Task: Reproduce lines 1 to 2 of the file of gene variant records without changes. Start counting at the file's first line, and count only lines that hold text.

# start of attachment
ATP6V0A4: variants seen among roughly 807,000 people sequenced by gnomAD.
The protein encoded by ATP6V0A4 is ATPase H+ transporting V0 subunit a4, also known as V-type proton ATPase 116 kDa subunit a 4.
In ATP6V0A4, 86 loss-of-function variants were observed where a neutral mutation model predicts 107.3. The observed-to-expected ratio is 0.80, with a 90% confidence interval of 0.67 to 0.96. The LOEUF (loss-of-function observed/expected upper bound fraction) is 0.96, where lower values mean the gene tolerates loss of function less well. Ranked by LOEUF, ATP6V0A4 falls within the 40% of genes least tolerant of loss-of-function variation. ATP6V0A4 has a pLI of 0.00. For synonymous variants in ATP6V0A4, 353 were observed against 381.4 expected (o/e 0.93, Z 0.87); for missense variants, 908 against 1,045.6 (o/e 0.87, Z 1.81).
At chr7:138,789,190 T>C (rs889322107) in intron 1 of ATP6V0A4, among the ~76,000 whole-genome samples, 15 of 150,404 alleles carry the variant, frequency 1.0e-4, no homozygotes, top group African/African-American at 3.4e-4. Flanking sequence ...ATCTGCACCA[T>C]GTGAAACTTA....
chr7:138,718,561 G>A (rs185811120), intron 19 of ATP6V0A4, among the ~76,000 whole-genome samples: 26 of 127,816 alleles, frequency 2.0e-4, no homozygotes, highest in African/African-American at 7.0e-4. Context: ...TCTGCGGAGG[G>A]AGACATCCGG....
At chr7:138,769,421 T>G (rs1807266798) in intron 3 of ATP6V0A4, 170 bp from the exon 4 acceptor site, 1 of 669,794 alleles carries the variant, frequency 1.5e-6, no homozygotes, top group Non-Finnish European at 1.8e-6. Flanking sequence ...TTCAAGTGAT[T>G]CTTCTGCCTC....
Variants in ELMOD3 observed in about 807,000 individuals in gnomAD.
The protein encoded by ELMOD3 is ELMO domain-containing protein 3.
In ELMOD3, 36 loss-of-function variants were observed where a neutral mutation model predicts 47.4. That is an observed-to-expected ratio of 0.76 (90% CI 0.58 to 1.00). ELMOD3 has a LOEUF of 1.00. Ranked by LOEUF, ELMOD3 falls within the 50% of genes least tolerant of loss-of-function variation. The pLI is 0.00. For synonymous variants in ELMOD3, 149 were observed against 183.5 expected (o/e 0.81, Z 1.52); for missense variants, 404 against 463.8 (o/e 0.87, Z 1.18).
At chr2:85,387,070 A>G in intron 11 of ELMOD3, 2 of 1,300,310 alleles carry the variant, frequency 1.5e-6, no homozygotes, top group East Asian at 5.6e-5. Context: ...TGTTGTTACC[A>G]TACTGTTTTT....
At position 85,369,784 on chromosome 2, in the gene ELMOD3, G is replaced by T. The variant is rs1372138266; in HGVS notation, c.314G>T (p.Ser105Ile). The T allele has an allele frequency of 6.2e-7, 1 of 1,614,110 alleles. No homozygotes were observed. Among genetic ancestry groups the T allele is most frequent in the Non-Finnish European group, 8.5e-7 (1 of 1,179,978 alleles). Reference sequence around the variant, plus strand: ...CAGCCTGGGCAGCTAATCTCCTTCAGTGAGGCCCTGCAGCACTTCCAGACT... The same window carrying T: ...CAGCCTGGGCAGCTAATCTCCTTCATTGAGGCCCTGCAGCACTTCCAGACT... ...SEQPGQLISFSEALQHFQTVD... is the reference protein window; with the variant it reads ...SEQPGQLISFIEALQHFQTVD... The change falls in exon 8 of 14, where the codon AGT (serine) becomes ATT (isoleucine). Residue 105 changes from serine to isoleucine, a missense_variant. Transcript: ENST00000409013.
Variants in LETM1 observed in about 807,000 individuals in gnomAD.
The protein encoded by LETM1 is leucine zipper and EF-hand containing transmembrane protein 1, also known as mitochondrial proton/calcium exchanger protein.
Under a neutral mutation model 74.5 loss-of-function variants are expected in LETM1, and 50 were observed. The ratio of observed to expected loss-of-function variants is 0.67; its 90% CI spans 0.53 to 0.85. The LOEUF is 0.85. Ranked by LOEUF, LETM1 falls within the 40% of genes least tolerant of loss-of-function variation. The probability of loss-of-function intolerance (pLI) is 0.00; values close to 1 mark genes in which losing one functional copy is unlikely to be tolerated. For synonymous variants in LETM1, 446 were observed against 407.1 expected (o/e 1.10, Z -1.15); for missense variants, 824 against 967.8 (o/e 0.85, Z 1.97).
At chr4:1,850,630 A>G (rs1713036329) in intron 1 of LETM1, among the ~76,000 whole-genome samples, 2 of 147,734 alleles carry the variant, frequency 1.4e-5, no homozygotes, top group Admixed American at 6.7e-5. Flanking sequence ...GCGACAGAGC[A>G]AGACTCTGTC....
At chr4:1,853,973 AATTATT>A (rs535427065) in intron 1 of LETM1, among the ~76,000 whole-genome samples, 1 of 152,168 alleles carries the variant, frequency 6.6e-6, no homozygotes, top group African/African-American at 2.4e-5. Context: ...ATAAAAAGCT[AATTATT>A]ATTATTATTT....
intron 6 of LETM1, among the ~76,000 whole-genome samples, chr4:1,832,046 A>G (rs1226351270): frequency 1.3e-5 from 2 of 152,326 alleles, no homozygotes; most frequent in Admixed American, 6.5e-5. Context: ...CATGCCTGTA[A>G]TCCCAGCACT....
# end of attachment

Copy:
ATP6V0A4: variants seen among roughly 807,000 people sequenced by gnomAD.
The protein encoded by ATP6V0A4 is ATPase H+ transporting V0 subunit a4, also known as V-type proton ATPase 116 kDa subunit a 4.